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Most Expensive Hiroshi Sugito Art Pieces Sold at Auctions

  • Hiroshi Sugito art
  • Hiroshi Sugito art
  • Hiroshi Sugito art
  • Hiroshi Sugito art
  • Hiroshi Sugito art
January 11, 2016

Hiroshi Sugito is one of the most recognized contemporary Japanese artists. Sugito’s unique expression, characterized by both abstract and concrete recurring motifs, often stylized beyond immediate recognition, is well received both among art lovers and among collectors. Although his name is not on the list of top five most expensive artists from Japan, Sugito’s artworks are regularly being sold at major auction houses. Born in 1970, he has been recognized as a part of the Tokyo-Pop movement. He specializes in Nihonga painting (literally “Japanese painting”). However, instead of the traditional scenic imagery of Nihonga, his paintings focus on abstract and recognizable elements. Oftentimes his artwork consists of dreams, altered realities and childlike fantasies. They consist of both abstract and concrete elements and are also influenced by both Eastern and Western paintings. Hiroshi Sugito art  is also known for its use of translucent layers—an effect he achieves by layering acrylic paint and dry pigment—lack of linear perspective, and generous use of empty space. Finally, when it comes to the position of Hiroshi Sugito on art market, he is very well accepted. So, scroll down, and see what the most expensive Hiroshi Sugito art pieces are!

  • Hiroshi Sugito art

Crossing Overhead

A lot of Hiroshi Sugito imagery has a sense of “Kawaii”—which means “cute” in Japanese—and intertwines this idea with a sense of weirdness or eerie displacement. As the artist says, I start moving my brush like walking into the woods, away from everything, and I want words and meanings to lose their power and just fade away.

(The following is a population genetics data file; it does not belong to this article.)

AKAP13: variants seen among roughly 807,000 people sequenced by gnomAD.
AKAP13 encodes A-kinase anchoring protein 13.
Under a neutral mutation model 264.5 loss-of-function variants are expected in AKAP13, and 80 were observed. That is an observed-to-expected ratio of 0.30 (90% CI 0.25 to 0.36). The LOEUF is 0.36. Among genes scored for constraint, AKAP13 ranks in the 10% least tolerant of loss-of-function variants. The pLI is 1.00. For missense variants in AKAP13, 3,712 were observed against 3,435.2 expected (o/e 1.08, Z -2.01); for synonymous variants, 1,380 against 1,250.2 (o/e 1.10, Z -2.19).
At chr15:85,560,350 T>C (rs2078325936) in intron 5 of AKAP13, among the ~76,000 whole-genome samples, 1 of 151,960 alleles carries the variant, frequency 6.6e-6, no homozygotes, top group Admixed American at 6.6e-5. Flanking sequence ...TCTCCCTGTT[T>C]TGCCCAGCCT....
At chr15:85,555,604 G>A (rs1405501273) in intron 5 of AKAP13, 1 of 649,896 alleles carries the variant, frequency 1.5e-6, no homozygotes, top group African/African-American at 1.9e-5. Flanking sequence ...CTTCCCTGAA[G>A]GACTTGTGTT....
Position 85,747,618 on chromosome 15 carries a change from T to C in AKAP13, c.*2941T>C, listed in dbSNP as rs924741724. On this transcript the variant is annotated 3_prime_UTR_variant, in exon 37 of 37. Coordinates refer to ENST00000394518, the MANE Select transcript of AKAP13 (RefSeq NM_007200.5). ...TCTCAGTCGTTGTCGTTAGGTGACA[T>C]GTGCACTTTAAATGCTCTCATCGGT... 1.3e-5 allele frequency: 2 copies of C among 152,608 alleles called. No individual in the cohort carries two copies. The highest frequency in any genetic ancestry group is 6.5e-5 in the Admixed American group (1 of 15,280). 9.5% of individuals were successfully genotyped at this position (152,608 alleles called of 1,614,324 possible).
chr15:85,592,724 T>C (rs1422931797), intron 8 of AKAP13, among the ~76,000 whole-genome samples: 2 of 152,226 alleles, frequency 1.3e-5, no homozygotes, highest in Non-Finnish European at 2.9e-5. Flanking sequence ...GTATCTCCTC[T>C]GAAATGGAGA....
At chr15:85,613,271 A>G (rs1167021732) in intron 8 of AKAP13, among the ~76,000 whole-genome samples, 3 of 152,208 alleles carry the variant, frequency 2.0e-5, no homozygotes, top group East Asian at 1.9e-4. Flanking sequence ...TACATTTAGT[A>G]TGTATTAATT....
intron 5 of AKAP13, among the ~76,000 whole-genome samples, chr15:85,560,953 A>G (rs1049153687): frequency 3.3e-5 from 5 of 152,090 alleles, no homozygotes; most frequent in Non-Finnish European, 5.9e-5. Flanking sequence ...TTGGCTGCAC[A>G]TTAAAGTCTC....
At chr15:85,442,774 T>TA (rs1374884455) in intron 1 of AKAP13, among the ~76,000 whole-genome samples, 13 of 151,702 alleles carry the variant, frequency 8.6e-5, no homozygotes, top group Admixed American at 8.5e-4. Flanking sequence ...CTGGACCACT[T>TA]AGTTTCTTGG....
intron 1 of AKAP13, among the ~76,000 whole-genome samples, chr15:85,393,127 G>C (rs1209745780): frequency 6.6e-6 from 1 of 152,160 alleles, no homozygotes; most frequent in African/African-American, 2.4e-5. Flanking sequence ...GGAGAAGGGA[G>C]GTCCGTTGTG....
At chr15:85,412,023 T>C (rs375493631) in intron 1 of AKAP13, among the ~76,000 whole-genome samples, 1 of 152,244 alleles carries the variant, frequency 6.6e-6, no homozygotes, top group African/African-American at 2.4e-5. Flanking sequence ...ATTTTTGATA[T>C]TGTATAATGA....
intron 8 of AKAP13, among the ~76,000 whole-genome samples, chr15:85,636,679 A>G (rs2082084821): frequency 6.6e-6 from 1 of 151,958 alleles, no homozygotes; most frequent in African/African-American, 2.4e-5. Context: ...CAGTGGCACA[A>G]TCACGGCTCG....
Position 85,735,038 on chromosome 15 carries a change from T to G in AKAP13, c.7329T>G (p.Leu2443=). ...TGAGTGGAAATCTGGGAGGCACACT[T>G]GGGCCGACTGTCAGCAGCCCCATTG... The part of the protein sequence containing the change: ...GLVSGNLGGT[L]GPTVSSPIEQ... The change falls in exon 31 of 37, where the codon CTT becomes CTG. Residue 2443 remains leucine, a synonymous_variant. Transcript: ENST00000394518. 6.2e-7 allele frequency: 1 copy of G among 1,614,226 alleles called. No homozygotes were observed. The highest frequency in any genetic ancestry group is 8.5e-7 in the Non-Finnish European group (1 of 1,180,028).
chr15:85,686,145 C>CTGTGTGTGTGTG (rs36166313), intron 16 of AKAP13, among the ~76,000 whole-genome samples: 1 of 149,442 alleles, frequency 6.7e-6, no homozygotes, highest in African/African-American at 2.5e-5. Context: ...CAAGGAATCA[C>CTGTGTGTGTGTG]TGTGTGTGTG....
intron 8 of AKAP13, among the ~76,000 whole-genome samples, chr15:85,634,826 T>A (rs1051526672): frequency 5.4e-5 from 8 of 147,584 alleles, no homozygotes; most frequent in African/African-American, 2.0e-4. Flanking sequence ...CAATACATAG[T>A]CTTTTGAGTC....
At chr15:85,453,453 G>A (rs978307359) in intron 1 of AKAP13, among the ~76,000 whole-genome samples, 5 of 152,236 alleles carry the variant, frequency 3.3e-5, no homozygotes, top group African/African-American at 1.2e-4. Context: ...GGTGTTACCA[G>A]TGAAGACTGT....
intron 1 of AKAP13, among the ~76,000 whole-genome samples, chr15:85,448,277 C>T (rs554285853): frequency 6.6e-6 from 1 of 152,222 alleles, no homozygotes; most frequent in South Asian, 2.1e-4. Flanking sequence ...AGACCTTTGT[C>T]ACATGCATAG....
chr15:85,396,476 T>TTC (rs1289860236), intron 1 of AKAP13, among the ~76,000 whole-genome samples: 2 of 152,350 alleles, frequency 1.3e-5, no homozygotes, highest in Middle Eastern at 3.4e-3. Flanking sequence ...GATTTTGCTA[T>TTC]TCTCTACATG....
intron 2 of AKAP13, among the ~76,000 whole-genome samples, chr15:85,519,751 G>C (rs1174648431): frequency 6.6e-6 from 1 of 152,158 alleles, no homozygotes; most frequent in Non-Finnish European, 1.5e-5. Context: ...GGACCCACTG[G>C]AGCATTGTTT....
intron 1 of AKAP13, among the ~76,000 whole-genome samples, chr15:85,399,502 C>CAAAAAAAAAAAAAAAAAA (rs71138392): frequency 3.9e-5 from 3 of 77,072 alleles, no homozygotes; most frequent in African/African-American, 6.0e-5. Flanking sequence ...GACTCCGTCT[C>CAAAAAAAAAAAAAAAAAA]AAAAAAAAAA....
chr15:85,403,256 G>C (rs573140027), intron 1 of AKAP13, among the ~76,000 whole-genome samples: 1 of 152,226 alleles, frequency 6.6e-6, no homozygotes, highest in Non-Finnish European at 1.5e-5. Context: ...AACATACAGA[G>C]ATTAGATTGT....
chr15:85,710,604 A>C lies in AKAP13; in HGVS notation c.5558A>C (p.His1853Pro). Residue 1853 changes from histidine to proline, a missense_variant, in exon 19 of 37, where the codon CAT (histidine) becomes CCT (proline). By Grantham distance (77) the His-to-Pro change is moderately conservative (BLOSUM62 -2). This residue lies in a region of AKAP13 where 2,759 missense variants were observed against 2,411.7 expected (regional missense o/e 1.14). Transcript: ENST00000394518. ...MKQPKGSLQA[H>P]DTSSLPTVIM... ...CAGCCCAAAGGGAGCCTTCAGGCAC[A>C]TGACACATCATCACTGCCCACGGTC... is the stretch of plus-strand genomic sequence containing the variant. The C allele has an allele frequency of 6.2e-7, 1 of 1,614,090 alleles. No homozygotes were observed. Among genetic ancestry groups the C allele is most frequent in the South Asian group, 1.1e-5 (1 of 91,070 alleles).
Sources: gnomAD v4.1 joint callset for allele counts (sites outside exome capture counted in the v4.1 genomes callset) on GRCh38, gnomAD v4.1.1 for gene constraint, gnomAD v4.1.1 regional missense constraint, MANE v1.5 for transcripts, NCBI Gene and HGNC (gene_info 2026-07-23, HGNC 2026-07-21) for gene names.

This piece was sold for $36,000 at Phillips, De Pury & Luxembourg New York in 2006. For more information about the sale, click here!

Featured Image: Hiroshi Sugito – Crossing Overhead, detail

  • Hiroshi Sugito art

Mountain Wall

Though he is deeply affected by traditions of western painting, Hiroshi Sugito is strongly influenced by his training in traditional Japanese painting techniques. This is very visible in his Mountain Wall.

The painting was put on sale in 2006, at Phillips, De Pury & Luxembourg New York, and was sold for $44,000. Click here for more information!

Featured Image: Hiroshi Sugito – Mountain Wall, detail

  • Hiroshi Sugito art

Changing Rooms

Changing Rooms is a beautiful painting that was put on sale at Christie’s New York, in November 2005. It was estimated at $35,000-$45,000, but it exceeded its expectations, and was sold for $50,000.

For more info on the sale, click here!

Featured Image: Hiroshi Sugito – Changing Rooms, detail

  • Hiroshi Sugito art

Passing Over the Flowers

Recurring motifs in Sugito’s paintings are curtains, referring to a predominant metaphor of Western painting. A variation of the window motif can be found in the fragile grids of horizontal and vertical lines, which run across the entire picture plane, resembling blinds. Viewed from a distance they read as geometric abstractions.

Passing Over the Flowers is sold for $55,800 at Christie’s London in 2006. For more info on the sale, click here!

Featured Image: Hiroshi Sugito – Passing Over the Flowers, detail

  • Hiroshi Sugito art

The Pink Smoke